I spent much of today pushing and pulling at the random video sniplets being generated by our two video-capable digital cameras. I’ve blogged before about shortfalls in Apple’s iTools regarding the use-practice of toting these things (essentially, it’s impossible to just dump the video onto an archival DVD mastered via iDVD).

Poking about in semi-familiar software is a fine and relaxing pursuit in some cases, and so it proved today. I’m interested in writing about my workflow and so forth so the next time I take a few years off from video work I can dig this up and get moving, possibly faster than I did this time.

To begin with, it’s necessary to select the movies you want to convert to an iDVD format. I did that by opening the date-named folders I keep all my camera-generated content in, a folder for each day and camera. I used the old-style window view that includes disclosure triangles, set to sort by file type. Therefore, recent folders grouped at the bottom of the view. Within each disclosure-triangle opened folder the movies also grouped.

Command clicking my way through the list to select all of the movie files, I dragged them into an open new iMovie project on my second monitor. I then went and did something else for several hours. iMovie converts motion media into fullscreeen DV files – a half-meg, thirty-second snippet with sound could inflate to about fifty megs, and on my aged gear, it’s not a snappy process.

Once the files have appeared in the clip tray within iMovie, it was necessary to manually reorder them to reflect the chronological order in which they were shot. If this was a commercial project, I would have logged and probably renamed each clip, as well. As it is, I’m still undecided if I’m going to invest the time to try to slap a narrative onto the clips or not. I think I am planning on adding a soundtrack, simply because the videos from the Veo are silent.

There are two common problems that result from using hand-held still cameras as video cameras. One, it’s easy to shoot in very low light circumstances, and there’s really not much to be done on the spot to address the issue. When you shoot, you gotta make do. Two, because we normally shoot still pictures on the cameras without being concerned about vertical or horizontal composition, I find we do the same thing when shooting video.

This results in sideways video, something which should be so trivial to address that I’m still amazed at the way I ended up resolving it. To an extent, I feel that a low-light correction tool should also be available in iMovie (as well as a rotation tool). On the other hand, iPhoto has no good low-light correction tool either, so who knows.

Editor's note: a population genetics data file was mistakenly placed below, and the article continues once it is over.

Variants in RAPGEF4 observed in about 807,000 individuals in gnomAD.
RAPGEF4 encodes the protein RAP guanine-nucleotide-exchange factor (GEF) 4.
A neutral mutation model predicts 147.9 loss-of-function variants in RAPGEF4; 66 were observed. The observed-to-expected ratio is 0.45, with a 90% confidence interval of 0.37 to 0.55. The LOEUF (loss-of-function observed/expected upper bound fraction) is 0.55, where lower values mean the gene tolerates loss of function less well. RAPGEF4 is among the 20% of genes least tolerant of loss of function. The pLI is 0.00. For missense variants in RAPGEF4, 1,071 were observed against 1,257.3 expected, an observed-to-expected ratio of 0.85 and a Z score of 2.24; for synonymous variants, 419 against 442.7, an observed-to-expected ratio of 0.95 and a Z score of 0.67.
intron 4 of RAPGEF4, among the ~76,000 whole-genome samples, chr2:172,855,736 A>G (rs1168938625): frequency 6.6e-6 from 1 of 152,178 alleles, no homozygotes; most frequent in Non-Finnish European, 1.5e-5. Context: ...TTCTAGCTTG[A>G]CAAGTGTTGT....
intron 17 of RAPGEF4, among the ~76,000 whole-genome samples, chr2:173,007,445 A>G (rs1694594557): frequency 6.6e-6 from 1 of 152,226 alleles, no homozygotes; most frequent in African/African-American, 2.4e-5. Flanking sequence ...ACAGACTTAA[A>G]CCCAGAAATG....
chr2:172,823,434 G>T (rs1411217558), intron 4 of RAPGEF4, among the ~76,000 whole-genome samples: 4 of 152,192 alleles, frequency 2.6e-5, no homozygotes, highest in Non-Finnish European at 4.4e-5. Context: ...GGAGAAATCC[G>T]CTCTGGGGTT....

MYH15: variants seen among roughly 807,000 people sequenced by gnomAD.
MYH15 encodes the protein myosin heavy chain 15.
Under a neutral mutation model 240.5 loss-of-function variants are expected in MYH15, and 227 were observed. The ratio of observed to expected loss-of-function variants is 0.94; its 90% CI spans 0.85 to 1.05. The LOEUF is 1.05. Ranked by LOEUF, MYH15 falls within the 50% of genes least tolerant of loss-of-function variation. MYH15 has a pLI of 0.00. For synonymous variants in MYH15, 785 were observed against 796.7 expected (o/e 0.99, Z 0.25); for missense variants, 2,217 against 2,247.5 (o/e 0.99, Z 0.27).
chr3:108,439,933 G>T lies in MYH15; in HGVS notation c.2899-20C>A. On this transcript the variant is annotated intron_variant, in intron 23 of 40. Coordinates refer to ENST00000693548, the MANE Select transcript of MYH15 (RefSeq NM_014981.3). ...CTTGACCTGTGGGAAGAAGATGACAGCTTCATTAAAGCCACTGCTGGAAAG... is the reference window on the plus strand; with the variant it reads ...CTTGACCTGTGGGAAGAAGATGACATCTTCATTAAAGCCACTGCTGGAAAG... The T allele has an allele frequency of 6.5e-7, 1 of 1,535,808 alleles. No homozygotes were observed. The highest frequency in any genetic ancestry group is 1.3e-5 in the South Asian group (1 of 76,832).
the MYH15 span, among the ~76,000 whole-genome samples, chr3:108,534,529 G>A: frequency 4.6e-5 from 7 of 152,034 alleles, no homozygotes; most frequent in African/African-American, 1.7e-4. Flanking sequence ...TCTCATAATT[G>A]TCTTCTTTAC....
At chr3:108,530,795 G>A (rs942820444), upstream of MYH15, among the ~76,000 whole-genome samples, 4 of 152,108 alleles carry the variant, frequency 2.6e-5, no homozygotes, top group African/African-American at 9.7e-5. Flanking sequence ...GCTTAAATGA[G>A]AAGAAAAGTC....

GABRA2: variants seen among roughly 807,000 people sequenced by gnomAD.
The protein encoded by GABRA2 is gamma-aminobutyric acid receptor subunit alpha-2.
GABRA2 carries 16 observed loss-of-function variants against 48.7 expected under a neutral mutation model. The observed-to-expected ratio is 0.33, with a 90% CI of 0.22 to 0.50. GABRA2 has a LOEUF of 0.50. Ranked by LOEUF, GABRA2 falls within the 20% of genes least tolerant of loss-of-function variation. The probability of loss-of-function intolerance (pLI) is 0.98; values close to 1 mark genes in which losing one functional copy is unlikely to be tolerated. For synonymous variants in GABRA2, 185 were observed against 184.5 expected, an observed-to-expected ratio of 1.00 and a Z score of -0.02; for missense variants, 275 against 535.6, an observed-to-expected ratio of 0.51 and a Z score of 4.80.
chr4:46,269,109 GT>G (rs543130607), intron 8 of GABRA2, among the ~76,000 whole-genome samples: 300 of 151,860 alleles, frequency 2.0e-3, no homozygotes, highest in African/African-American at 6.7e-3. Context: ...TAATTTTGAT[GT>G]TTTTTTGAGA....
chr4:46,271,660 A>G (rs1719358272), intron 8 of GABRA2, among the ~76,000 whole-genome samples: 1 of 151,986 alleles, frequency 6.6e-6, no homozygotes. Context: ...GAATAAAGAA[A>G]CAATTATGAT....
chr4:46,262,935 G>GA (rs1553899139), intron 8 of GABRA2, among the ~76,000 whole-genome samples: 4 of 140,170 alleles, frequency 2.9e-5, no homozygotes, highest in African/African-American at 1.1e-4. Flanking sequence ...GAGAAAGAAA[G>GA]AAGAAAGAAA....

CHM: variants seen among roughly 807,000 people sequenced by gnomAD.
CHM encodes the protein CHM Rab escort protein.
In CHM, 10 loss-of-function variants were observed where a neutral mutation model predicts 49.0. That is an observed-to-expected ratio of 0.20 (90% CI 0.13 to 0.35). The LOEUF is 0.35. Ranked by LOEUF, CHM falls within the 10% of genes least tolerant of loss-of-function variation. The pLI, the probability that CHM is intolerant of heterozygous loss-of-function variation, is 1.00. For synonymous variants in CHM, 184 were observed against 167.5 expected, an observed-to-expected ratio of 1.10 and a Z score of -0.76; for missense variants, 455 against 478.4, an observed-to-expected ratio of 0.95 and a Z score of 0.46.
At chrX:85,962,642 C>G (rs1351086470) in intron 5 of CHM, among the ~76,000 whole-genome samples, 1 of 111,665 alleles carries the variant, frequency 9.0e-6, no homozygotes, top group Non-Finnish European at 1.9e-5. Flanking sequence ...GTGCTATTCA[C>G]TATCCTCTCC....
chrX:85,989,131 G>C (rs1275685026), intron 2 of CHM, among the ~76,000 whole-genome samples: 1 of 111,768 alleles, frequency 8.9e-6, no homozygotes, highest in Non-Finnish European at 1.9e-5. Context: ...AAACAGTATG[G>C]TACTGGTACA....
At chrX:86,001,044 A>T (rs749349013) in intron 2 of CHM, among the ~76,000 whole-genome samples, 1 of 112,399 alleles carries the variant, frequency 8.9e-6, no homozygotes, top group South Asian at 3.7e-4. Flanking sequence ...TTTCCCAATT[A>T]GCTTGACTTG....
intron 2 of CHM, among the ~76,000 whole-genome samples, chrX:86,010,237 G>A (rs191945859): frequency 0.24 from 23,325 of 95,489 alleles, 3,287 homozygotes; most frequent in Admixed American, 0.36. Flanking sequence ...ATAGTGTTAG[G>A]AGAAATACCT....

To address both issues, I ended up using Final Cut Express, which I picked up a ways back cheaply as a promotional upgrade from Premiere. The solutions to each are far from intuitive, but at least one’s easy to figure out.

I identified the problem clips in iMovie by name, and then in FCE, selected the menu item “Open.” Navigating to the iMovie project folder containing the media files, I selected each one of the DV clips, one at a time, to open.

With the file open, I then dragged the “Motion” and “Filter” tabs away from the preview window to create a side-by-side layout for the clip. In the case of a sideways clip, using “Motion” I scaled the clip by 75% and rotated it by 90 degrees. I then set the background to “black” in the Background menu item. I then exported the clip to a new QT movie using the same settings at the original DVD clip iMovie had created (same size as the clip being worked on, 29.97 fps, etcetera).

When opened in QuickTime Player the resulting movies played well, and have the additional benefit of not requiring additional processing time from iMovie when reimported.

To correct a low-light asset, I opened the file in FCE as described above. Then I added several filters to the Video Filters tab (sadly, I didn’t take notes and it’s been over an hour since I did this procedure, so details are sketchy). Among the filters enabled were Brightness and Contrast, Color Correction, Unsharp Mask and Desaturate Highs. The conceptual steps are:

  • lighten the overall image
  • center the color contrast so that whites appear white
  • darken the shadows without losing the detail that appears when the brightness is turned up.

These manipulations are likely to cause obvious artifacts in the image. I found Unsharp Mask to be helpful in addressing these problems, as well as adding definition and depth to the transition areas.